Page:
the one spoon quenelle and how to hide it

Thursday, Oct 22nd, 2015


sweet potato


hide and seek

i work in Carmel, CA. a place most people don’t go. one of the most beautiful places in the world. Big Sur to the south and Pebble Beach to the north, a relaxing 1 hour drive to Santa Cruz where Keefer Sutherland heads a vampire clan (maybe he’s moved on) and another hour into San Francisco where Michelin stars can be found like Hollywood stars. i used to work in big cities and big restaurants. from Los Angeles to the French Laundry. now i work in a restaurant with 1 pastry assistant, 5 other cooks, 9 tables, and an average of 20 covers a night.

i moved here 8 years ago. surrounded by pine and eucalyptus and no one to talk pastry with. so i started a blog back then.

one spoon quenelle.

i wanted to reach out, just as the brilliant Dana Cree has done and continues doing. then my blog was taken over by twitter and instagram and the immediacy of just posting a picture and a title and having some kind of recognition. sometimes a red heart. sometimes a witty comment or even more alluring…an emoji. but the conversation is lost.

so with The Pastry Department’s help, i hope to bring back some discussion.

the “one spoon quenelle” was referred to in the strikingly visual French Laundry cookbook. it symbolized elegance, refinement, skill, technique, aesthetic, and most importantly it epitomized pastry in a fine dining setting. you didn’t do a quenelle in a bistro, cafe, pizza joint, or top a brownie sundae with a perfect one spoon quenelle. it had to be placed on white Limoges atop white linen. so perfect, so pure, so smooth….can you see it? better yet, can you taste it? oooh…. it improves the flavor of anything you scoop. so i learned to do it like every other pastry cook trying to elevate their game. with Ben and Jerry’s, with whipped cream, with butter….. and then I had it. got it, done. collect special spoons, antique shops, stolen from other restaurants, now i have a bain marie of varied spoons from various places for all sorts of shapes and sizes. I even worked at the French Laundry as pastry sous Chef and did about 80 quenelles a night for the pre-dessert.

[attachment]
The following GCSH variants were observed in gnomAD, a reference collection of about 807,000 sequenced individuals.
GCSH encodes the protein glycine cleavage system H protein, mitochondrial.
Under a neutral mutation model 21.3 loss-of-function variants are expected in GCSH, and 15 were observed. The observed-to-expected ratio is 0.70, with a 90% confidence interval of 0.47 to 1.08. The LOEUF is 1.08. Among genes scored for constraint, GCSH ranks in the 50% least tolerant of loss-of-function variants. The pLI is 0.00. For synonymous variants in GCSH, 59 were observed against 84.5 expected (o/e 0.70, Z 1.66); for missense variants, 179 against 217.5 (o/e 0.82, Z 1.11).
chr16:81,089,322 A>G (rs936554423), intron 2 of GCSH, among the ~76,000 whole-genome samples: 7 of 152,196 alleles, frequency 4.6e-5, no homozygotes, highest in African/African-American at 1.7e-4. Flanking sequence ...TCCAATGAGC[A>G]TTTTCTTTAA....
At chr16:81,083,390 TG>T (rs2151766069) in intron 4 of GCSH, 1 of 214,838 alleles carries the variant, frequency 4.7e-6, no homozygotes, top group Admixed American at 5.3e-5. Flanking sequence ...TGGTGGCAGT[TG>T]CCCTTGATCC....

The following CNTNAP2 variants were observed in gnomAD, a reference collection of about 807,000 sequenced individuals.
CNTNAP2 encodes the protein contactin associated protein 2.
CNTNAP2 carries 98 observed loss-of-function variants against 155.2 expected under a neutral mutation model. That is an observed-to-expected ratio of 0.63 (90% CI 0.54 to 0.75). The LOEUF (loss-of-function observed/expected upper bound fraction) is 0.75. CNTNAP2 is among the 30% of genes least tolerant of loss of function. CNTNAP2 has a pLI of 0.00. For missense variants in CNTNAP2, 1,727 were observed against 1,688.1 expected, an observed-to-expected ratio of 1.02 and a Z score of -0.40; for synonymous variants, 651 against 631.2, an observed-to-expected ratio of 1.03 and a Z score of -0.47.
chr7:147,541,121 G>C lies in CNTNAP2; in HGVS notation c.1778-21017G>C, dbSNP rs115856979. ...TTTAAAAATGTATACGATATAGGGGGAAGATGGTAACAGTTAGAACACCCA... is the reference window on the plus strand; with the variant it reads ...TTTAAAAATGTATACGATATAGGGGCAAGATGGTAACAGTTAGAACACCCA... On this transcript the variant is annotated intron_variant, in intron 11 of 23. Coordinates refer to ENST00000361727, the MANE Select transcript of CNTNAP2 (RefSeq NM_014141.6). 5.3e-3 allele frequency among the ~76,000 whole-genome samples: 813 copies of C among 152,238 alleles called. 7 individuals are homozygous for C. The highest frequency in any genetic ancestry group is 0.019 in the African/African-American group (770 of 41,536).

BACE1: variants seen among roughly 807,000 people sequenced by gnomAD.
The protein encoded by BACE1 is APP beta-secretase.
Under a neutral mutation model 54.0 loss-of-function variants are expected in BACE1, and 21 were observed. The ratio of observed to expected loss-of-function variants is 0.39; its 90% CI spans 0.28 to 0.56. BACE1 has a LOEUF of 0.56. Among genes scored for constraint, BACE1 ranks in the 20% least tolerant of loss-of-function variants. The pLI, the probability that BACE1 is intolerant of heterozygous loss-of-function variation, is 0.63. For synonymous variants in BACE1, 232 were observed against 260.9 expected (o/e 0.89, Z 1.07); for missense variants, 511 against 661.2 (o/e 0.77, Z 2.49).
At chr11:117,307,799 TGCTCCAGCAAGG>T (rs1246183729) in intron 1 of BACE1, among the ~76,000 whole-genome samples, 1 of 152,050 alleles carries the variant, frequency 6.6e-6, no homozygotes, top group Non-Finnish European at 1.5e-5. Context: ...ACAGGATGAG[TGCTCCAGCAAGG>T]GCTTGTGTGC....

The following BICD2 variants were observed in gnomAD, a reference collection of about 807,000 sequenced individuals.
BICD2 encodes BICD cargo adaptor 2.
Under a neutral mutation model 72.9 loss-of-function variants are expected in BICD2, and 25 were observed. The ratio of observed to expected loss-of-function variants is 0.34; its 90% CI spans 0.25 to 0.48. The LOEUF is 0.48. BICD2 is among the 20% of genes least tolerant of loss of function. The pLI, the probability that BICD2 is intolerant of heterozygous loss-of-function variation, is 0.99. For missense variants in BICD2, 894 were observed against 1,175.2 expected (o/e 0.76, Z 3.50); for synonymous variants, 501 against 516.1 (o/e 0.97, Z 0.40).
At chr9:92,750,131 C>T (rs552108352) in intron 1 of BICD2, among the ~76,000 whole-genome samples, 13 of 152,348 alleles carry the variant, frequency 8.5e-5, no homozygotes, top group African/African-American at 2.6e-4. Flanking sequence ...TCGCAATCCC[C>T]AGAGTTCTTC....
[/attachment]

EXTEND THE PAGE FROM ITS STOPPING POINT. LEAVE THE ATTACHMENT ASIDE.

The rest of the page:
80 covers, 5 nights a week, 16 months.

then the one spoon quenelle became redundant and lost it’s meaning (to me at least) and then i moved to Carmel. and i began rethinking what i did and retrained myself. i did and still do quenelles….sometimes. but they aren’t that important anymore. they mean very little. what matters is what flavor ice cream i make, the texture, the components of the dish, the story. the image of the dish as a whole. i’m tired of spooning non-comital crumbs on a plate to place a perfect quenelle down to show that I have 15 years of pastry experience. i know i can make one. i can stack about 6 quenelles and swirl 3 flavors into 1 quenelle.

so now i place a perfect quenelle in a dish and cover it up with shards of meringue or crispy milk. i roll ice cream in puffed grains and shape it into an organic form reminiscent of the sandstones that wash ashore on the beach 4 streets down from the kitchen. or best yet, spread just churned ice cream onto a frozen plate in a wonderful slab and top it with so many good things. this way you force the diner to eat that ice cream with what you place on top. flowers, herbs, ground honeycomb….my Cold Stone.

so what does it mean? what i think about is what does fine dining mean? what makes a Michelin 3 star dessert? can there still be attention to detail in other forms? can i translate emotion, feelings, seasons, flavors and textures in other ways?

can it still be aesthetically pleasing, beautiful even, without falling into perfect shaped trappings?

i am not saying by any means not to learn it. i want to bring up the question of why do we do it?
how do we move beyond the recognizable and be transported by what we cannot easily understand?

and this is how i begin the conversation….again.